On Friday, March 2, 2000, while we were still early in Lent, I was experiencing my own Good Friday. I was lying in a hospital bed. It was late in the evening, because I can remember how dark and somber the room felt. It was just my mom and me in the room; the steady flow of visitors throughout the day had ebbed. My last visitor had been the worst. It was the doctor. He came by to show me the lesions in my brain and to explain that there was a good chance I had multiple sclerosis.
I didn’t know what that meant, or what it would mean for the future, so with my mom there, I cried and prayed, “God, what does this mean? What do I do?”And when I opened my eyes, there stood Rick Ross. Now, I imagine most people in Rick’s position would have assessed the situation and politely excused himself. It was obvious I was in a lot of distress, and the last thing I wanted was a visitor. But Rick stayed.
You see, Rick was used to distress and hospital rooms. Only two months earlier, he had lost his wife Linda to pneumonia. She was a sweet lady, only in her 40s, and beloved by the church. Rick had shown incredible strength during the whole ordeal, and managed to be an inspiration and comfort to us when we were supposed to be doing that for him. So there Rick stood, hands in his jacket pockets, watching me process my news. I tried to gather myself as best as possible and but on my hospitality face, but Rick didn’t care. He simply said, “God sent me.”
“Did you know,” he continued, “that Linda was in the room right next to this one before she died? I pulled into the parking lot tonight, and I didn’t think I’d be able to come in. But God told me to, he said I had to see you. So I came in the hospital. But when I got on the elevator, I couldn’t bring myself to push the button for this floor, for Linda’s floor. But I had to. And then I saw your room, and I saw her room, and I knew I couldn’t walk into a hospital room again. But God told me it would be OK. So here I am.”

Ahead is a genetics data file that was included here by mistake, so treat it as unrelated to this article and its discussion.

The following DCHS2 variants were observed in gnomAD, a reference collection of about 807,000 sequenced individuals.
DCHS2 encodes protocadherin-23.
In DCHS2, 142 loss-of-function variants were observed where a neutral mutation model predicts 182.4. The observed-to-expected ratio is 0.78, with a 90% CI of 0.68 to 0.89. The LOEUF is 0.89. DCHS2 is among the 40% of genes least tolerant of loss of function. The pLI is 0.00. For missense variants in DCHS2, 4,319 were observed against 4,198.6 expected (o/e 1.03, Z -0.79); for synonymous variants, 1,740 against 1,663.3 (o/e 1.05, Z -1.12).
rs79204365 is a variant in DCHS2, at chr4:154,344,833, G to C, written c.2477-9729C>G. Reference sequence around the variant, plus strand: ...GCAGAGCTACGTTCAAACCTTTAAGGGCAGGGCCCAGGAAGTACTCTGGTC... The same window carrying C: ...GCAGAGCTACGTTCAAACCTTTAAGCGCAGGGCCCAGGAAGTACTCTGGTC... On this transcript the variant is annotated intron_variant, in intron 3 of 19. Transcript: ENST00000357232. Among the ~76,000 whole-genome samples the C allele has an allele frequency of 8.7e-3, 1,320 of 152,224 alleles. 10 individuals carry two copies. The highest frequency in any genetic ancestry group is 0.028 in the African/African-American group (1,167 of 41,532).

Indeed, there he was. I didn’t know what kind of journey I was facing in my life, but I couldn’t imagine it being any more difficult than the journey Rick had just made to see me. I remembered my prayer, “God, what do I do?” And I remembered Rick’s words, “God told me it would be OK. So here I am.” In the midst of my darkness, Rick walked again through his own Good Friday experience to bring me a word from God.
For us, Holy Week can be just another week, or it can be a time when we acknowledge that as we walk the dark roads of our lives, someone is there walking with us, someone who knows what it’s like to be forsaken, to be in pain, to lose someone you love. As we walk with Jesus through his ordeal, we are reminded that Jesus also walks with us. Thank you, Rick, for reminding me of that. God told me it was going to be OK. So here I am.